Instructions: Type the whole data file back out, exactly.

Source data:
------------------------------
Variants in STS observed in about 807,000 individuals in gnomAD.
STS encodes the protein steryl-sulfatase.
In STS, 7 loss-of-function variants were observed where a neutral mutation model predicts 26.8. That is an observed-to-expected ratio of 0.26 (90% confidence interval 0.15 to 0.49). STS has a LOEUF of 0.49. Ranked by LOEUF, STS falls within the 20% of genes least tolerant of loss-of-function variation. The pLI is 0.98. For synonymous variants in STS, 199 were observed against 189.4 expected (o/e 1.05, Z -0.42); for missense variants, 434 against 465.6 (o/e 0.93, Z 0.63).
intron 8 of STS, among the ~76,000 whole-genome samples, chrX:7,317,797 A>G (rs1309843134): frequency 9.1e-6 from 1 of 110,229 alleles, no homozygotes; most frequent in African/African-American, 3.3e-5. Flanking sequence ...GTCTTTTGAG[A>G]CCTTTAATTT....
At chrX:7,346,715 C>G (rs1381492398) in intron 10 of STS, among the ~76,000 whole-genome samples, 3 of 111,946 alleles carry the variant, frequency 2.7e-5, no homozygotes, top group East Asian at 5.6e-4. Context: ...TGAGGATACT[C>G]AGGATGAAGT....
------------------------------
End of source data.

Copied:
Variants in STS observed in about 807,000 individuals in gnomAD.
STS encodes the protein steryl-sulfatase.
In STS, 7 loss-of-function variants were observed where a neutral mutation model predicts 26.8. That is an observed-to-expected ratio of 0.26 (90% confidence interval 0.15 to 0.49). STS has a LOEUF of 0.49. Ranked by LOEUF, STS falls within the 20% of genes least tolerant of loss-of-function variation. The pLI is 0.98. For synonymous variants in STS, 199 were observed against 189.4 expected (o/e 1.05, Z -0.42); for missense variants, 434 against 465.6 (o/e 0.93, Z 0.63).
intron 8 of STS, among the ~76,000 whole-genome samples, chrX:7,317,797 A>G (rs1309843134): frequency 9.1e-6 from 1 of 110,229 alleles, no homozygotes; most frequent in African/African-American, 3.3e-5. Flanking sequence ...GTCTTTTGAG[A>G]CCTTTAATTT....
At chrX:7,346,715 C>G (rs1381492398) in intron 10 of STS, among the ~76,000 whole-genome samples, 3 of 111,946 alleles carry the variant, frequency 2.7e-5, no homozygotes, top group East Asian at 5.6e-4. Context: ...TGAGGATACT[C>G]AGGATGAAGT....